Loose Women – Women’s talk and ideological restriction
Faye Davies / Birmingham City University
All female talk TV shows are still quite a rarity on the UK televisual landscape, but they do exist. Loose Women is such a show talk show; shown each weekday lunch time, it combines general gossip with celebrity promotional appearances (either masquerading as interviews or song performances). In essence, Loose Women is a UK version of the US show The Talk – women talk about typically feminine issues in these shows. There is discussion about relationships, children, sex, sexuality, age, beauty, celebrity news stories and very personal aspects of the hosts’ lives.
Discursively, both of these programmes raise interesting questions, especially with regards to their popularity with female viewers. They are also both a reflection and construction of the contemporary ideological understanding of what it means to be a woman between the ages of 35-55 (the approximate ages of the participants). Such shows fuel and construct distinct expectations in a world which has seen vast changes with regard to fragmenting feminine identity and our wider understanding of who women ‘should be’ in an ideological sense.
Unsurprisingly, Loose Women focuses on what can be termed ‘women’s issues’ from its opening content. Often news stories are flagged for discussion on the panel and viewers are inviting to offer their commentary via email, Twitter and Facebook.
In actual fact, few viewer insights are discussed and mentioned during the course of the show, but there is no doubt that this invitation encourages and supports the notion that women have an emotionally-based community discourse where women’s issues and concerns are celebrated and given attention. In some sense, then, such talk shows exemplify and celebrate ‘gossip’ as a feminine trait.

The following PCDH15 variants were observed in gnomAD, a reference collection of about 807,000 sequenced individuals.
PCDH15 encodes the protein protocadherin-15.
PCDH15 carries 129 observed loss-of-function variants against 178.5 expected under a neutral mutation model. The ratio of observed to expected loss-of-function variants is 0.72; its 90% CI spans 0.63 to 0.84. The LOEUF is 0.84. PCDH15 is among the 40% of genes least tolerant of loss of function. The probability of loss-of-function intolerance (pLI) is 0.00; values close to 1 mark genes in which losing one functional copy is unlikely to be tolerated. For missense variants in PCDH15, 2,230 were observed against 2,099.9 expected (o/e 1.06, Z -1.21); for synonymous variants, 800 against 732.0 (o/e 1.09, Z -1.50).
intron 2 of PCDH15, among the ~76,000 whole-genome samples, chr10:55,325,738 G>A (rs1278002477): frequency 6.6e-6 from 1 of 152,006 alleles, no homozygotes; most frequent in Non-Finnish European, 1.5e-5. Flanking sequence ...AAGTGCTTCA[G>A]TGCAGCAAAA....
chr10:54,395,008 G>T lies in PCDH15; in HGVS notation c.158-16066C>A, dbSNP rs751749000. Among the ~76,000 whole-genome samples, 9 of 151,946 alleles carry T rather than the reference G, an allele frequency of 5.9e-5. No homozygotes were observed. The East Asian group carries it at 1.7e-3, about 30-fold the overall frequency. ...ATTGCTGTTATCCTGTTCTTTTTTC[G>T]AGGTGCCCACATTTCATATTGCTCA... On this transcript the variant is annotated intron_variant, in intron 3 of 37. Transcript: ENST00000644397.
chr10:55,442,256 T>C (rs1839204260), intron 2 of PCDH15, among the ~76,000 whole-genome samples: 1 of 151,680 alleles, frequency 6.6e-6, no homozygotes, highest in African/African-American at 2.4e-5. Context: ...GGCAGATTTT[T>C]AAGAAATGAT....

Gossip has long been considered a key part of feminine discourse, especially in relation to television. It can be claimed that gossip in this sense can be ideologically positive and liberating for female participants, and in this case viewers of the show. In Loose Women, a positive factor is that women’s issues are given space and time for discussion and are not defined by a masculine, patriarchal or dominant discourse which defines women an object to be looked at or role to be played in relation to the masculine.
In this sense the gossip in Loose Women is, “…talking between women in their roles as women, intimate in style, personal and domestic in topic and setting, a female cultural event which springs from and perpetuates the restrictions of the female role, but also gives the comfort of validation.”1
Loose Women achieves its status as a validating cultural event in a number of ways. The show maintains a core of presenters who drop in and out of the community constructed for viewers. The very fact that these women are placed around a table with mugs of tea or coffee reflects a representation which is domesticated in nature; a reconstruction of literally being around the kitchen table at lunchtime. These presenters appear on ‘the side’ of women and the show’s community atmosphere is constructed ‘for us’; essentially providing a social sphere for female viewers and their issues.